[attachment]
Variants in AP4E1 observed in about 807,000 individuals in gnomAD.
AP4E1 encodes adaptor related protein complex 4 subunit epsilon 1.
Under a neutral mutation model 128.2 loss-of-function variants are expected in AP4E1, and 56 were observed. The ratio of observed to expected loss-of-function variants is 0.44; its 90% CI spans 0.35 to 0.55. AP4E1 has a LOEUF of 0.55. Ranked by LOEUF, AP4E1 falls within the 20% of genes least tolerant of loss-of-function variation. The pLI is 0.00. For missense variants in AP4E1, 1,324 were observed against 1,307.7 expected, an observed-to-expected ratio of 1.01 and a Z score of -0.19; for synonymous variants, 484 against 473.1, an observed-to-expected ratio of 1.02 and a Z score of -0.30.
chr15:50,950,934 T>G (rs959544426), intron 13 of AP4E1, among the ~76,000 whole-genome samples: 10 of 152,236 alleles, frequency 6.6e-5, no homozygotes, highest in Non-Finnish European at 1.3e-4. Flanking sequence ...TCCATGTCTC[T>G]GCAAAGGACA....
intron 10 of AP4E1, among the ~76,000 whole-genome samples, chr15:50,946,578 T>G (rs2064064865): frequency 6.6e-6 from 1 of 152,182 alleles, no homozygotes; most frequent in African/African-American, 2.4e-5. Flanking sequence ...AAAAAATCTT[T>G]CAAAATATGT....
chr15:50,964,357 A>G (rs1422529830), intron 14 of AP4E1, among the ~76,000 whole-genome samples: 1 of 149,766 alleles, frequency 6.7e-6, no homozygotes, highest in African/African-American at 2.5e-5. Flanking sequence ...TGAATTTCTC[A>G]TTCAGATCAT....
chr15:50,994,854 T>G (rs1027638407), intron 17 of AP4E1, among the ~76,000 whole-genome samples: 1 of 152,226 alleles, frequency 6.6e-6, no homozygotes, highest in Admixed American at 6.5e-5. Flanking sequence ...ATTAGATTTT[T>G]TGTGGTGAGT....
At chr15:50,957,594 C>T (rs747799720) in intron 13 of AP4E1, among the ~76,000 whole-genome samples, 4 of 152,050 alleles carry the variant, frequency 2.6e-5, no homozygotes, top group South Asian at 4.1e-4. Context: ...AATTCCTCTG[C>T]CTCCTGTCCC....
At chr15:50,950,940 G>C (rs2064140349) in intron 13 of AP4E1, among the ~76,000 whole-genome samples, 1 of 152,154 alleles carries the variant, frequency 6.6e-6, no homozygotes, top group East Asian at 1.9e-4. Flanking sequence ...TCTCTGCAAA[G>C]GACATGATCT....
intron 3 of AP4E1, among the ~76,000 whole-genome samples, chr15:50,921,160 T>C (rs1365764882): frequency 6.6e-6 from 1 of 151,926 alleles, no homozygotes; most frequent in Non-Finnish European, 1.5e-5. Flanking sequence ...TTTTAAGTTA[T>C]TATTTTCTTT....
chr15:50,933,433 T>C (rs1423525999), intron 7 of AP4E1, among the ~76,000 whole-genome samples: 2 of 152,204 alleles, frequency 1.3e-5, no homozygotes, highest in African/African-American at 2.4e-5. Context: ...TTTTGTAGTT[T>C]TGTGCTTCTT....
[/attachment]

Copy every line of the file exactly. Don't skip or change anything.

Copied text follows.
Variants in AP4E1 observed in about 807,000 individuals in gnomAD.
AP4E1 encodes adaptor related protein complex 4 subunit epsilon 1.
Under a neutral mutation model 128.2 loss-of-function variants are expected in AP4E1, and 56 were observed. The ratio of observed to expected loss-of-function variants is 0.44; its 90% CI spans 0.35 to 0.55. AP4E1 has a LOEUF of 0.55. Ranked by LOEUF, AP4E1 falls within the 20% of genes least tolerant of loss-of-function variation. The pLI is 0.00. For missense variants in AP4E1, 1,324 were observed against 1,307.7 expected, an observed-to-expected ratio of 1.01 and a Z score of -0.19; for synonymous variants, 484 against 473.1, an observed-to-expected ratio of 1.02 and a Z score of -0.30.
chr15:50,950,934 T>G (rs959544426), intron 13 of AP4E1, among the ~76,000 whole-genome samples: 10 of 152,236 alleles, frequency 6.6e-5, no homozygotes, highest in Non-Finnish European at 1.3e-4. Flanking sequence ...TCCATGTCTC[T>G]GCAAAGGACA....
intron 10 of AP4E1, among the ~76,000 whole-genome samples, chr15:50,946,578 T>G (rs2064064865): frequency 6.6e-6 from 1 of 152,182 alleles, no homozygotes; most frequent in African/African-American, 2.4e-5. Flanking sequence ...AAAAAATCTT[T>G]CAAAATATGT....
chr15:50,964,357 A>G (rs1422529830), intron 14 of AP4E1, among the ~76,000 whole-genome samples: 1 of 149,766 alleles, frequency 6.7e-6, no homozygotes, highest in African/African-American at 2.5e-5. Flanking sequence ...TGAATTTCTC[A>G]TTCAGATCAT....
chr15:50,994,854 T>G (rs1027638407), intron 17 of AP4E1, among the ~76,000 whole-genome samples: 1 of 152,226 alleles, frequency 6.6e-6, no homozygotes, highest in Admixed American at 6.5e-5. Flanking sequence ...ATTAGATTTT[T>G]TGTGGTGAGT....
At chr15:50,957,594 C>T (rs747799720) in intron 13 of AP4E1, among the ~76,000 whole-genome samples, 4 of 152,050 alleles carry the variant, frequency 2.6e-5, no homozygotes, top group South Asian at 4.1e-4. Context: ...AATTCCTCTG[C>T]CTCCTGTCCC....
At chr15:50,950,940 G>C (rs2064140349) in intron 13 of AP4E1, among the ~76,000 whole-genome samples, 1 of 152,154 alleles carries the variant, frequency 6.6e-6, no homozygotes, top group East Asian at 1.9e-4. Flanking sequence ...TCTCTGCAAA[G>C]GACATGATCT....
intron 3 of AP4E1, among the ~76,000 whole-genome samples, chr15:50,921,160 T>C (rs1365764882): frequency 6.6e-6 from 1 of 151,926 alleles, no homozygotes; most frequent in Non-Finnish European, 1.5e-5. Flanking sequence ...TTTTAAGTTA[T>C]TATTTTCTTT....
chr15:50,933,433 T>C (rs1423525999), intron 7 of AP4E1, among the ~76,000 whole-genome samples: 2 of 152,204 alleles, frequency 1.3e-5, no homozygotes, highest in African/African-American at 2.4e-5. Context: ...TTTTGTAGTT[T>C]TGTGCTTCTT....